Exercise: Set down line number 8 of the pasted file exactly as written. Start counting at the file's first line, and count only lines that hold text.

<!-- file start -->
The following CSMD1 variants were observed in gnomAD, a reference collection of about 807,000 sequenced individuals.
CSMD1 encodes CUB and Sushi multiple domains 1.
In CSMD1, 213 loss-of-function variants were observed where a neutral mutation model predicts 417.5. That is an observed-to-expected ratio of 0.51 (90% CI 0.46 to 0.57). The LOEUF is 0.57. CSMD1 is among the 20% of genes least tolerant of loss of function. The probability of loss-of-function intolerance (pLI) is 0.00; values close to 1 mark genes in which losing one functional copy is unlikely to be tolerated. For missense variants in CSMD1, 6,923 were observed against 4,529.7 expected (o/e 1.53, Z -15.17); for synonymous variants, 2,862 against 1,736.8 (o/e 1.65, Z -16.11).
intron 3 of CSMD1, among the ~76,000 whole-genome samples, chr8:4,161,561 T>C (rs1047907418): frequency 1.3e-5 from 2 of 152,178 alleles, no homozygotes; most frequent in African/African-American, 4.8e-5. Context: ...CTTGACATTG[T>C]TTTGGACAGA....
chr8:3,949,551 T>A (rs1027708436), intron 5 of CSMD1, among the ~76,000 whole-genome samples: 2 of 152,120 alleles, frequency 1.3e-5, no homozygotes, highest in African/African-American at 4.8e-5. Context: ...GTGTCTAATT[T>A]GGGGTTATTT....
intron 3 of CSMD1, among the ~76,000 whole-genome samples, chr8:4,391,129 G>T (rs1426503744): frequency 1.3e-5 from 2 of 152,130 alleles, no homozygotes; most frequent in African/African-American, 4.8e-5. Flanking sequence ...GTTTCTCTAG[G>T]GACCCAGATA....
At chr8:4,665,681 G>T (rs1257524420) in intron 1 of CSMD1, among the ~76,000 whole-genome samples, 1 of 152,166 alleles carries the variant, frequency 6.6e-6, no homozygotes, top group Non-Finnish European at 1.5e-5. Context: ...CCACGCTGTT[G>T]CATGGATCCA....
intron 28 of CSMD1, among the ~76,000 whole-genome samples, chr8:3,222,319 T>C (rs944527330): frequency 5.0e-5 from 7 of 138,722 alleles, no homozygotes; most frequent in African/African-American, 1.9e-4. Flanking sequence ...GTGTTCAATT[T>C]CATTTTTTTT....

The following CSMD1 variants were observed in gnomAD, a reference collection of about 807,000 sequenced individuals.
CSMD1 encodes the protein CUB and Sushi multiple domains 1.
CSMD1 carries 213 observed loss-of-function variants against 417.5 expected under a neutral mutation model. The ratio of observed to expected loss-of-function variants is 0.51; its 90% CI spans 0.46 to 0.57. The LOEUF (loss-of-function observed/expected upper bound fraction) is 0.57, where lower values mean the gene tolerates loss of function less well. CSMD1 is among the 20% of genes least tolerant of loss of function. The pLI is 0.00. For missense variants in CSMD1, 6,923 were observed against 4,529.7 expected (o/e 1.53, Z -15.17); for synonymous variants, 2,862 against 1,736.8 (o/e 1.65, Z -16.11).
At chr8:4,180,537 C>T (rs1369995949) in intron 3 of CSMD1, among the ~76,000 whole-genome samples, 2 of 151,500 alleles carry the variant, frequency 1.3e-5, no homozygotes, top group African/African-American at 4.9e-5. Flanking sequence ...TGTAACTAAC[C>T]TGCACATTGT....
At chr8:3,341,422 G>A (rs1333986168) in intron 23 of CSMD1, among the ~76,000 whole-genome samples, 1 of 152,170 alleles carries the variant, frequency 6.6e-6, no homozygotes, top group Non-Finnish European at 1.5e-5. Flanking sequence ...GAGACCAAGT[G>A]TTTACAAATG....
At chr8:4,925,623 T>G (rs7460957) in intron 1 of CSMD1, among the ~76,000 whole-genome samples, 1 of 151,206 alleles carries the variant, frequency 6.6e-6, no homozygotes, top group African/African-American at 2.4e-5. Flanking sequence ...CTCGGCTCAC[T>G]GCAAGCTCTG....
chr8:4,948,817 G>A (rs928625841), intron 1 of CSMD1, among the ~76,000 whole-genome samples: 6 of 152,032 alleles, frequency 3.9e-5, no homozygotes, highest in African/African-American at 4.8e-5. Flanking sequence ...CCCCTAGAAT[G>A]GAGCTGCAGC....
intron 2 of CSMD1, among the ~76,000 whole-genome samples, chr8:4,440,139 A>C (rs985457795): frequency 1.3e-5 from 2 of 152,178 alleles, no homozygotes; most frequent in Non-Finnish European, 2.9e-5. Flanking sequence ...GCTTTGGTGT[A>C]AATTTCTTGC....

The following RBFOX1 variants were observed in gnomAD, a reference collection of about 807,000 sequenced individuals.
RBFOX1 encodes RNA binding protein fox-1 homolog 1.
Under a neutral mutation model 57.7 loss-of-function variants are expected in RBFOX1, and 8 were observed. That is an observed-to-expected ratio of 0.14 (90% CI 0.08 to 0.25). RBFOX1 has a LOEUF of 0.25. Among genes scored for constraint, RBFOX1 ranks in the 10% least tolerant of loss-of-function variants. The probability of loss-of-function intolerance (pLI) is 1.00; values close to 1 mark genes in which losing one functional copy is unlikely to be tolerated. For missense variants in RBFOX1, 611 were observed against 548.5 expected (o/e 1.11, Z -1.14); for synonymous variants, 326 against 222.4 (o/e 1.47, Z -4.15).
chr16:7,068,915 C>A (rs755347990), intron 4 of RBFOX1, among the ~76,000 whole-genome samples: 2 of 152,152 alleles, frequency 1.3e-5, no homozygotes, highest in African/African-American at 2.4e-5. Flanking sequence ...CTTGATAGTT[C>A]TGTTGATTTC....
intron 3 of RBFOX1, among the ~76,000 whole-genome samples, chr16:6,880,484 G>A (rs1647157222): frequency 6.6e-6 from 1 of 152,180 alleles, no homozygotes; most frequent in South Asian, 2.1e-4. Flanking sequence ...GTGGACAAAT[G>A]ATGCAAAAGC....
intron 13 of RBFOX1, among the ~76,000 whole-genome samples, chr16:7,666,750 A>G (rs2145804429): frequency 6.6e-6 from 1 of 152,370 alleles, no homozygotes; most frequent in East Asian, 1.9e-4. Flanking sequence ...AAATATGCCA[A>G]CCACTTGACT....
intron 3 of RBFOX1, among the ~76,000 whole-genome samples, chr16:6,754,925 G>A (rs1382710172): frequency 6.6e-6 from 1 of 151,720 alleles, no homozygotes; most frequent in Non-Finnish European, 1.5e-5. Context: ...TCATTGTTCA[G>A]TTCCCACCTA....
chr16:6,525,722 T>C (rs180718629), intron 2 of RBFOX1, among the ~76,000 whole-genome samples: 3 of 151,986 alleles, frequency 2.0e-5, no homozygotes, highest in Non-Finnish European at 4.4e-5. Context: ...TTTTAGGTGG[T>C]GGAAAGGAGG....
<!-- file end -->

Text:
intron 28 of CSMD1, among the ~76,000 whole-genome samples, chr8:3,222,319 T>C (rs944527330): frequency 5.0e-5 from 7 of 138,722 alleles, no homozygotes; most frequent in African/African-American, 1.9e-4. Flanking sequence ...GTGTTCAATT[T>C]CATTTTTTTT....